The Cubbington Pear, a 250 year old tree directly in the line of the proposed HS2 rail link, has beaten some of the most famous and historically significant trees in the country to become the English Tree of the Year 2015. It will now go forward, along with the winners of the equivalent Woodland Trust competitions in Northern Ireland, Scotland and Wales, which were also announced today on Countryfile on BBC1, to compete for European Tree of the Year in February 2016.
Over the last few years, the Cubbington Pear Tree in Warwickshire has become the poster-boy for all the trees, which according to HS2 Ltd themselves includes 97 ancient woodlands, that are under threat from the HS2 project. Campaigners believe that the fact the Cubbington Pear beat so many historically significant trees shows the strength of public opposition to the natural destruction HS2 would wreak.
The competition, run by the Woodland Trust was decided by the public voting for a shortlist of ten finalists. The Cubbington Pear Tree, which was the only finalist under threat from felling, took over a third all the votes cast by members of the public. It received more than twice as many votes as the second-placed Tolpuddle Martyrs Tree, which is recognised as the birthplace of the international trade union movement, and more than three times as many votes as the 2000 year-old third-placed Ankerwycke Yew at Runnymede, which was once worshipped by druids and was witness to the signing of the Magna Carta 800 years ago.
Other trees in the final 10 included the Boscobel Oak, a descendant of the tree Charles II hid in following the Battle of Worcester in 1651 (the reason so many pubs are called ‘The Royal Oak’), and the Glastonbury Holy Thorn, reputed to be a descendant of a tree planted by Jesus’s uncle, Joseph of Arimathea.
The full breakdown of voting is as follows:
Cubbington Pear Tree 33.5%; Tolpuddle Martyrs Tree 15%; Ankerwycke Yew 10.8%; Old Man of Calke 9.1%; Glastonbury Holy Thorn 7.8; Linford Lime Tree 7.8%; Acklington Black Poplar 5.9%; Martindale Yew 5.1%; Boscobel Oak 3.1%; Litherland Lime Tree 1.8%.
Believed to be over 250 years old, the Cubbington Pear Tree has been seen by generations at the top of a hill near South Cubbington Wood and still bears small edible pears which can be made into jelly. It is the second largest wild pear tree reported in the UK and the largest in Warwickshire. Its ‘mop-head’ form is characteristic of wild pear trees as is the spiny growth from the base of the trunk. This beloved tree may not survive much longer as it is due to be felled when construction of HS2 rail track between London and Birmingham begins in 2017.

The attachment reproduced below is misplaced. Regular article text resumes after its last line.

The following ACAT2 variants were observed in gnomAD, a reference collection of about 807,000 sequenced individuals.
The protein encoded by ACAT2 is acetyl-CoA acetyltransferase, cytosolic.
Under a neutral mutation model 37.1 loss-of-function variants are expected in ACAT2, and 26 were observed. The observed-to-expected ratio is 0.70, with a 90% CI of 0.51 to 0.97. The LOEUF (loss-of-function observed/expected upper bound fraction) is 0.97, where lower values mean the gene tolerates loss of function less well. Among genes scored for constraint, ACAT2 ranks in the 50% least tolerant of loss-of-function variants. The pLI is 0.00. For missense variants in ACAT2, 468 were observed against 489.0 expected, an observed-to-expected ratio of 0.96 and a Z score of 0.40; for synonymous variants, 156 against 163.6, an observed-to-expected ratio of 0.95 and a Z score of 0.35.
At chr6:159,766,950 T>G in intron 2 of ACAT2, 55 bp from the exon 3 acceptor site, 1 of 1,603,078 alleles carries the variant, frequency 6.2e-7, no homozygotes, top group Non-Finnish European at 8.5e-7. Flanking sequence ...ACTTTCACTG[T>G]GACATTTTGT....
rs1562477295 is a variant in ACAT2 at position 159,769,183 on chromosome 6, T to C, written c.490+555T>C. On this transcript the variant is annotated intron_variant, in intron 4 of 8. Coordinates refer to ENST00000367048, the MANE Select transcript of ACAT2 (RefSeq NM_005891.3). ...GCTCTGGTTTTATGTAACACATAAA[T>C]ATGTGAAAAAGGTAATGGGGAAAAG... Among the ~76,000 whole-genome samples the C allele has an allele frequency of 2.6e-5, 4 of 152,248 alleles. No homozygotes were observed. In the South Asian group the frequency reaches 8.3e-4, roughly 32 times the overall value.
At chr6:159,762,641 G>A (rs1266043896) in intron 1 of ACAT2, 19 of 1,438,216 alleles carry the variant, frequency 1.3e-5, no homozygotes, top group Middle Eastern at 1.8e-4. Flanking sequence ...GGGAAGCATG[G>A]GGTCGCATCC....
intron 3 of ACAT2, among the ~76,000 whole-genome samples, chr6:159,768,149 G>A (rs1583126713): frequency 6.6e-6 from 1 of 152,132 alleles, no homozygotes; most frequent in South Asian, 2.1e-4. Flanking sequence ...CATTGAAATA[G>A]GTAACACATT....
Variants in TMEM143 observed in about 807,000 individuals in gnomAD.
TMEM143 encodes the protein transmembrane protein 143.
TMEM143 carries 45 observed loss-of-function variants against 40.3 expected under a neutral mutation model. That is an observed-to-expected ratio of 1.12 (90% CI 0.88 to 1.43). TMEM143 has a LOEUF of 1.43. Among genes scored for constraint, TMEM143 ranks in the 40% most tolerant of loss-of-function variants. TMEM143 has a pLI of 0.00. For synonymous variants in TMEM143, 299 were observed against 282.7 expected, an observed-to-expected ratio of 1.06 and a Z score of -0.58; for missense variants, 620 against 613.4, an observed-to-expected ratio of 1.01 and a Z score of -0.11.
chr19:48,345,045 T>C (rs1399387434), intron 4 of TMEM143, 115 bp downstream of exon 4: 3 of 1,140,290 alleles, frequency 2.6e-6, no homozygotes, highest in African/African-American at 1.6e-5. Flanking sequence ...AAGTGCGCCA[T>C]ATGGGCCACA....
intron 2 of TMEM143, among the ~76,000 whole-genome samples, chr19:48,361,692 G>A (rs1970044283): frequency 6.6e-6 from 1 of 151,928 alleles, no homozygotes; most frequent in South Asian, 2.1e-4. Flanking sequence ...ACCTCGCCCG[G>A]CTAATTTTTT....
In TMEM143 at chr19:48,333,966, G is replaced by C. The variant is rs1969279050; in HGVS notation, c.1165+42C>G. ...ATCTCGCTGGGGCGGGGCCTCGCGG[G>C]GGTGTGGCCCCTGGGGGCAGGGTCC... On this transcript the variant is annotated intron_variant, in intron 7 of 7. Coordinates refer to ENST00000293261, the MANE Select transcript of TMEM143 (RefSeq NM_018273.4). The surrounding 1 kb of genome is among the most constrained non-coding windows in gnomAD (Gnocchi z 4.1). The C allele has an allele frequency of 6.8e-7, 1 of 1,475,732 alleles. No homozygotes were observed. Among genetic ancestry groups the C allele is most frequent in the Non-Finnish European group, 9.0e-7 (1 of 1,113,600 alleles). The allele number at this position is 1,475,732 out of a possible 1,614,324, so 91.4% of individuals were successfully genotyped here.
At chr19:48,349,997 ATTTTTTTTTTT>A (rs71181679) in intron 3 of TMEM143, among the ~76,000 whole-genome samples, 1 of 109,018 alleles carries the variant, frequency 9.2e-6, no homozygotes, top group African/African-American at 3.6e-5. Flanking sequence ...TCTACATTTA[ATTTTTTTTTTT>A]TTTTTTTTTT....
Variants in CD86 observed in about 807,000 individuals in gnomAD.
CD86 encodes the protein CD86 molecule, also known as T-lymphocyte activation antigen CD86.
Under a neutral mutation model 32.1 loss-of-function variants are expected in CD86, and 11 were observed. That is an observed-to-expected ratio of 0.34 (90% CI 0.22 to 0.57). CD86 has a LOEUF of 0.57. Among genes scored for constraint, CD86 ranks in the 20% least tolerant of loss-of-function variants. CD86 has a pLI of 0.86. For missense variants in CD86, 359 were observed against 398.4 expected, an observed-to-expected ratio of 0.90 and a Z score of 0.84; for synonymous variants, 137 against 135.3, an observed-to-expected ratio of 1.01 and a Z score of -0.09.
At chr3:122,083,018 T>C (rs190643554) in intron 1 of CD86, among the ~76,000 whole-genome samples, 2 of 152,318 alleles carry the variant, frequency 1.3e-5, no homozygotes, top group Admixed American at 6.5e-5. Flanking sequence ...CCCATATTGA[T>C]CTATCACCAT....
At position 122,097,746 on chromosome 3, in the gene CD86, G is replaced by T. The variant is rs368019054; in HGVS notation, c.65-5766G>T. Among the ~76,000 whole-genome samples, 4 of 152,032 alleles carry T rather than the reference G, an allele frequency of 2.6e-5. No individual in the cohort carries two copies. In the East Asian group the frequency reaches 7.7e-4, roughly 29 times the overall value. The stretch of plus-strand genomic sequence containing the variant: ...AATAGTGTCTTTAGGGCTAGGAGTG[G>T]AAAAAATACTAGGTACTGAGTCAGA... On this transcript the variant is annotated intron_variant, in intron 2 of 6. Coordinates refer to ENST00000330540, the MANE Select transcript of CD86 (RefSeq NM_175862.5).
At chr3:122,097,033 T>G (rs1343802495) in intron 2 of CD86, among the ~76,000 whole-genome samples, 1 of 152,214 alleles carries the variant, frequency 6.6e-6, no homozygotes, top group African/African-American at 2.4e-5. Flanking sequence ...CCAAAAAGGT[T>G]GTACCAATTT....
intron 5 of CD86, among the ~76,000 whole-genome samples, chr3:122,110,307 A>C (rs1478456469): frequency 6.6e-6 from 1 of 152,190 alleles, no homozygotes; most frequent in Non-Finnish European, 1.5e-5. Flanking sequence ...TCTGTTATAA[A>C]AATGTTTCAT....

Bizarrely, during a debate in the House of Commons on Friday 25th January 2015, then Minister of State at the Department for Transport, John Hayes MP, announced that he had “asked for a new arboreal study to see whether the Cubbington pear tree can be moved”, rather than be felled, as the current plans for the High Speed Two (HS2) project require. The Minister’s announcement seemed bizarre at the time as an environmental impact assessment by HS2 Ltd, found that translocation of the tree “is extremely unlikely to be successful and is not proposed”.
Another previous suggestion from HS2 Ltd is that the tree could be cloned by taking cuttings, when of course the simplest solution for preserving it would be to not cut it down in the first place.
“When I look at the fantastic trees that the Cubbington veteran pear tree has beaten to become England’s Tree of the Year, I am sure that the reason that it won is that it is under threat from HS2. Those who voted for our tree clearly care about the protection of our natural environment, and I am truly grateful to them for showing their concern. This is surely a clear message to the Government that it should demonstrate a better balance between the needs of our economy and the protection of our natural heritage. It would be perfectly possible to build HS2 without destroying our tree and many others, and the Government needs to think again.”
Stop HS2 Campaign Manager Joe Rukin added:
“The fact the Cubbington Pear has beaten a collection of the most famous and historically significant trees in England, shows the strength of public feeling against the monstrous natural destruction HS2 would wreak. Whichever cost you look at, be that the devastating cost to the natural environment, the ever-spiralling financial cost, the human cost to the affected communities, or the massive opportunity cost which will see other spending priorities squeezed out for decades, the cost of HS2 is far too great.”
“For no fathomable reason HS2 is being designed for 250mph, which means it can’t really bend to miss sensitive sites or communities, which is why HS2 Ltd admit 97 ancient woodlands are under threat from this project.”
The other three winners are; The Suffragette Oak in Glasgow, Peace Tree in Northern Ireland and ‘Survival at the cutting edge’ from Wales
Beccy Speight, Woodland Trust chief executive, said: “These four trees all demonstrate the intrinsic way our lives are linked to the natural world. Sadly, many iconic trees do not have the levels of protection they deserve and this contest highlights the need to ensure they remain for future generations to enjoy and memories to endure.”
All photos of the Cubbington Pear Tree are by Frances Wilmot, unless stated.